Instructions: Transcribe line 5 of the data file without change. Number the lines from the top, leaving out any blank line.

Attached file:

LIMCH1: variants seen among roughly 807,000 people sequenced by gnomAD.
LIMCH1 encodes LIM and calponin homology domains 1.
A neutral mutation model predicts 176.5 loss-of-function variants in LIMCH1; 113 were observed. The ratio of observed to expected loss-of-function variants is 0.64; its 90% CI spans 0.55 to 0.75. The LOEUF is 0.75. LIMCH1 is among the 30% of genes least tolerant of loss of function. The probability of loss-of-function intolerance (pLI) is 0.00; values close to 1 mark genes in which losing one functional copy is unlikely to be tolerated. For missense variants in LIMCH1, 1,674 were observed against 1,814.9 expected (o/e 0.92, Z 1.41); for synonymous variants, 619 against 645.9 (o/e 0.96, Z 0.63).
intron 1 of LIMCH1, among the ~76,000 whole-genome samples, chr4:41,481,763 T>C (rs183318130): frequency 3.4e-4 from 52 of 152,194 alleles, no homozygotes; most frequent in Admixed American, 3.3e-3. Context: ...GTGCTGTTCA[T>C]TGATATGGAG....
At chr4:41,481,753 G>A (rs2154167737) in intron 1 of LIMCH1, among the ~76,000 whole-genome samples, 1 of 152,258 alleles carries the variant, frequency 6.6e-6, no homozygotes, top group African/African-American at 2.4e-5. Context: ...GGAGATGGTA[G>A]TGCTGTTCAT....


At chr4:41,481,753 G>A (rs2154167737) in intron 1 of LIMCH1, among the ~76,000 whole-genome samples, 1 of 152,258 alleles carries the variant, frequency 6.6e-6, no homozygotes, top group African/African-American at 2.4e-5. Context: ...GGAGATGGTA[G>A]TGCTGTTCAT....